Space Communications with Mars
Mars exploration rovers (I)
In the years 90's, NASA developped its first deep space communication network, DSN, to keep control of space probes that they have sent in exploration missions to Mars and to the other bodies of the solar system. Recently, the agency used this powerful system to communicate with Mars rovers Spirit and Opportunity, the Huygens lander that visited Titan and New Horizons that visited Pluto.
Take this "opportunity", the word is appropriated, to wonder how scientists manage telecommunications with the space probes that landed on Mars surface. What antenna systems do they use, on what frequencies do they work and what are the characteristics of these radio equipments ?
Advantages and drawbacks of shortwaves
Radio amateurs know that by nature signals transmitted on HF bands (1.8-30 MHz) at low incidence have difficulties to pass through ionospheric layers surrounding the Earth, whether they are transmitted from the ground or from space. Under some conditions, these regions of high electronic density act like mirrors for radio waves.
If it is a huge advantage for ground stations who wish to communicate with remote stations (by bouncing successively between the ionosphere and the ground, HF waves can reach DX stations), for the same stations wishing to communicate with satellites moving into space it is rather a big problem... How to explain this phenomenon and how can we in spite of everything communicate with satellites and spacecrafts ?
The cut-off frequency
We explained in the chapters dealing with the radio propagation and ionospheric perturbations that the ionosphere is a mixture of plasma and atoms more or less ionized by the solar UV radiations. Between the D- and F-layers its density varies between 10000 and 2 millions electrons/cm3 and falls down of approximately a ten-factor during the night, and is not even measurable any more for the lowest layer.
The maximum usable frequency, MUF, strongly depends on the ionization level of the F-layer. During high solar activities, when the number of sunspots exceeds 200 or so, the MUF rises easily to 50 MHz at daytime. However these conditions change permanently during the day with a progressive decrease of MUF and LUF during the night.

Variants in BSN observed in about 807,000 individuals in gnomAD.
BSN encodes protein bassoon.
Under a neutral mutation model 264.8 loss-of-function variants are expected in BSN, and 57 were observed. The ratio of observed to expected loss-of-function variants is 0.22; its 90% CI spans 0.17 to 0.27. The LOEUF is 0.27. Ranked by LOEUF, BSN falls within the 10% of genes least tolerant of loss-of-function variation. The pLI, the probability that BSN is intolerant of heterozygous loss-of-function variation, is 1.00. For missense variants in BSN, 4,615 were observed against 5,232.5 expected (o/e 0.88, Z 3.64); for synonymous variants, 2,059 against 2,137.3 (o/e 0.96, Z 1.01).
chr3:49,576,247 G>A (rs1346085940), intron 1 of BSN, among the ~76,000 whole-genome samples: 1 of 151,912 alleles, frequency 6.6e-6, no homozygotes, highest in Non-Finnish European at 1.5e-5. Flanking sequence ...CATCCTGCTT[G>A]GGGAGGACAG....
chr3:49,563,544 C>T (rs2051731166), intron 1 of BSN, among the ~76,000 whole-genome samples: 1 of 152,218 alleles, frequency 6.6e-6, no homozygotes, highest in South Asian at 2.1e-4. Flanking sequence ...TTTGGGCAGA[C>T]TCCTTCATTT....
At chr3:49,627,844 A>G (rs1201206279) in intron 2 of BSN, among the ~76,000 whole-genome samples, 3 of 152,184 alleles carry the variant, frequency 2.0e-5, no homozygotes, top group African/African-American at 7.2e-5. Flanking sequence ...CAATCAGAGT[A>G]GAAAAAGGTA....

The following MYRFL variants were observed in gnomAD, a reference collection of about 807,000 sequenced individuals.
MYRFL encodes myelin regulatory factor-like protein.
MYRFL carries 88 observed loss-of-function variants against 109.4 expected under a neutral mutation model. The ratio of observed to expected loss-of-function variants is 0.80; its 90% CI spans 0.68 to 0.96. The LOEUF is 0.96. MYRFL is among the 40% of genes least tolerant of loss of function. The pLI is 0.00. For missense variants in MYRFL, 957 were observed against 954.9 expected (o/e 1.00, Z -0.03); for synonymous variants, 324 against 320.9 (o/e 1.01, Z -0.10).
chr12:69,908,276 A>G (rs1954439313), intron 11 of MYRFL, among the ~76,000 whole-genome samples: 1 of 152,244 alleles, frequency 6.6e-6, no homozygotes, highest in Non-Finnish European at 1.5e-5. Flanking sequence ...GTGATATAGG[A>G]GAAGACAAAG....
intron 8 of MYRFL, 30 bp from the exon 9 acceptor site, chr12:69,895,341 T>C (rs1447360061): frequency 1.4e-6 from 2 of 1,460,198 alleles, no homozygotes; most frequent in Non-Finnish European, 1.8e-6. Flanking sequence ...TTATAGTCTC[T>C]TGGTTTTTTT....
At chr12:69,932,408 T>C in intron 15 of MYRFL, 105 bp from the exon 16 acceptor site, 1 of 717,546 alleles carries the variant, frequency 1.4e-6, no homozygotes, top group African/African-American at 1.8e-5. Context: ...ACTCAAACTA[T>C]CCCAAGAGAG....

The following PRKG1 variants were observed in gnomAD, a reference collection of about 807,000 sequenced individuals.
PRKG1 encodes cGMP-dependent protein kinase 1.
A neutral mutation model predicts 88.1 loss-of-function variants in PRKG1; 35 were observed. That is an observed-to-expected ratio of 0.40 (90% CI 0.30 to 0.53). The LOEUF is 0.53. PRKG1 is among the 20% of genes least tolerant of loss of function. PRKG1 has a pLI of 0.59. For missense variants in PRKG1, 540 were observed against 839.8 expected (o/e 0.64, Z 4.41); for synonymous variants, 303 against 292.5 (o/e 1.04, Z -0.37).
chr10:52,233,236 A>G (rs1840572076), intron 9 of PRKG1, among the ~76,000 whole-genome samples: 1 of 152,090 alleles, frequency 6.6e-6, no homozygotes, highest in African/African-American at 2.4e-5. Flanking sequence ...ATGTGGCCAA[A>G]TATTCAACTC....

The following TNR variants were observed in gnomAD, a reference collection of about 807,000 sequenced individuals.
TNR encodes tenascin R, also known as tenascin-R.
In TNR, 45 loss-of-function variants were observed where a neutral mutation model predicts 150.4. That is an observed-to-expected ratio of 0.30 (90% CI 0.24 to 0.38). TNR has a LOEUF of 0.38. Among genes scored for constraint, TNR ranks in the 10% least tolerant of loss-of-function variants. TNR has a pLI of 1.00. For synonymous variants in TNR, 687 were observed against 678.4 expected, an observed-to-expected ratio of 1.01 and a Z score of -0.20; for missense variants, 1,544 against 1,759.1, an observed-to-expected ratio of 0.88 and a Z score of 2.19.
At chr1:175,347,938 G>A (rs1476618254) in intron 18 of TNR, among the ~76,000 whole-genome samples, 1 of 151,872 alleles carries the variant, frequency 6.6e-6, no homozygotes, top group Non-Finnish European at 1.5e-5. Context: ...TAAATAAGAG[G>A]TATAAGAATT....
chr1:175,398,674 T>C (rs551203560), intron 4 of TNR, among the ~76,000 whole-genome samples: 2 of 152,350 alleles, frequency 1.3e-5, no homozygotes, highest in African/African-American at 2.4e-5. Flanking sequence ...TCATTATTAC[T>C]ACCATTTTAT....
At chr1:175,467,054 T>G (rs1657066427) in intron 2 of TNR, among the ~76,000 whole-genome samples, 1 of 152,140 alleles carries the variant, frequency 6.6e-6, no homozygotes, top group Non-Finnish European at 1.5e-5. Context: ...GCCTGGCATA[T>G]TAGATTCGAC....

There is however a cut-off frequency fp for the ionosphere beyond which it loses its capacity to reflect shortwaves. Depending the latitude, the season and the solar activity mainly, during the day this frequency is around 3-10 MHz and goes down to about 2-6 MHz during the night, according to the next formula, in which fp is expressed in Hz :
with Ne, the electron density; e and m, the charge and mass of the electron and εo, the free space permitivity.
We can also use a simplified formula :
fp (MHz) = 9√e
This frequency is valid for a HF signal radiated vertically. As soon as the incidence of the signal is tilted (what hams seek to reach DX stations) the frequency increases proportionally with (1/cosθ), θ representing the incidence angle with the normal. Thus if the signal is emitted at 45į, the cut-off frequency of 10 MHz goes up until 14 MHz, etc. Extrapolating these properties towards higher frequencies, one notes that signals transmitted in V/UHF and SHF bands easily pass through the ionosphere, except at grazing incidences (when cos θ is very small).
Note that between 1-90 MHz the behavior of the ionosphere as mirror for shortwaves is rather complex, with both reflexions and attenuations of the signal quite important.
But the ionosphere is not completely opaque to HF waves. Like a window, when the incidence angle is very wide (wide compared to the normal), the waves are completely reflected by the surface which acts like a mirror, while when the waves travel perpendicular to its surface, they are able to entirely pass through it.
When the angle is perpendicular to the ionospheric layers one can thus pass through the ionospheric layers at frequencies lower than the MUF, especially in time of low solar activity.
This principle was applied successfully to several ham satellites such Radio Sputnik and Amsat Oscar in the years 1970-80, some of them sending HF beacons or CW telemetry signals in mode A, downlink on 29 MHz (towards the Earth) and even on 21 MHz.
But to work in this way is not without drawbacks, and at daytime transponders of these satellites are affected by the F2-layer ionization during periods of high solar activity. HF is thus not the panacea to work by satellite.
One also notes that in the UHF bands radio waves carry many interferences and various noises which are superimposed on signals. That starts in the long waves (LW or AM) with atmospheric noises (thunderstorms, etc), that extends to the VHF, sensitive to meteors ionization trails and auroras, to attenuate towards approximately 500 MHz. It is thus necessary to go up in frequency to cut off from these problems.